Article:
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Opinion >  Column

The Slice: There’s no cure for Ms. X

The patient, a Spokane resident I shall refer to as Ms. X, was directed to me for evaluation and treatment recommendation. Here is my report.

Before meeting with Ms. X, a blonde businesswoman who owns a Mercedes, I reviewed her case file.

This individual first came to the attention of mental health authorities as a result of her driving habits. Specifically, it was one feature of her driving that triggered this intervention process.

When road construction or other factors require that two lanes of same-direction traffic merge into one, it is standard behavior to begin attempting to merge shortly after seeing the signs indicating a need to do so.

But invariably Ms. X would ignore said signs and speed all the way to the point where her now-abandoned lane of traffic ends. Then she would bully her way into the line of vehicles proceeding in the remaining lane.

The patient was seen doing this over and over.

When I first met with Ms. X, I asked her if she understood the concept of creating one lane of traffic out of two. She indicated that she did.

But when I asked what she thought would happen if all drivers used her tactics, she became indignant. “I’m a very busy person,” she said. “I don’t have time for waiting. Besides, nobody minds.”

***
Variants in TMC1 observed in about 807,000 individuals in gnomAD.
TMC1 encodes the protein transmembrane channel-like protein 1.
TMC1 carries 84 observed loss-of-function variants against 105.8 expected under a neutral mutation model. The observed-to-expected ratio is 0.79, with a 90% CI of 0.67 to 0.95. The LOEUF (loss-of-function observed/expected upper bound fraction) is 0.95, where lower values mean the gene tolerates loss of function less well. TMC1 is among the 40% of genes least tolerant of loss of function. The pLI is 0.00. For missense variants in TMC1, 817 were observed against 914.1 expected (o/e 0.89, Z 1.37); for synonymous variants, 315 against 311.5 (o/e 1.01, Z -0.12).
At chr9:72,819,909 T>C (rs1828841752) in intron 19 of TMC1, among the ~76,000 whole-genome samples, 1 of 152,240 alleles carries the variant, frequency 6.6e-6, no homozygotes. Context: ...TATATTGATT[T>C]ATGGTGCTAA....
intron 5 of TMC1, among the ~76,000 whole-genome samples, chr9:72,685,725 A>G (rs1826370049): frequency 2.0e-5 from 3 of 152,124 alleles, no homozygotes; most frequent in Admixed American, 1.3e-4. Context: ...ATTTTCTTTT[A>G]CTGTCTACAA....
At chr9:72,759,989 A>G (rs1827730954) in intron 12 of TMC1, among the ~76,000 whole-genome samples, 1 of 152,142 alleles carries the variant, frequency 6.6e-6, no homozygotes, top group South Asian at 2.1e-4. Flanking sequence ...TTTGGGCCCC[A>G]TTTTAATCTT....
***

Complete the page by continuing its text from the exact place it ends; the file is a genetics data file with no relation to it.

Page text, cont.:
When I suggested that many people do, in fact, object to her behavior, she attempted to wave away my observation, saying “Well, they’re just jealous because I have a life and they don’t.”

During my second meeting with Ms. X, she was placed in a hypnotic trance. But my attempts to probe her subconscious were stymied by her nonstop mumbling of the words “My cell phone is ringing … my cell phone is ringing … my cell phone is ringing.”

I then administered electro-convulsive therapy, after which the patient seemed calm and ready to listen.

I explained the concept of “taking turns.” And I noted that the quasi-anonymity afforded by being in a motor vehicle cannot be regarded as an excuse to behave in selfish or antisocial ways.

My hopes for a breakthrough were dashed moments later, however. Here is an excerpt from the transcript of that session.

Dr. Slice: “So what have we learned today?”

Ms. X: “I’ve learned that I am more important than everyone else and my needs and desires always come first.”

Our third and final session was conducted in her car. To observe Ms. X behind the wheel, I rode in the passenger seat. See attached newspaper story — “Flipped-Off Trucker Fires Back” — about the road rage incident she precipitated on the Maple Street Bridge.

It is my determination that diversion programs or community service will not help this patient. She shows no remorse.

Thus it is my recommendation that Ms. X be committed to the Spokane Regional Obnoxious Driver Detention Campus until such a time as the global oil supply is exhausted.

“Today’s Slice question: When is it OK to reclaim a room vacated by a family member away at college?

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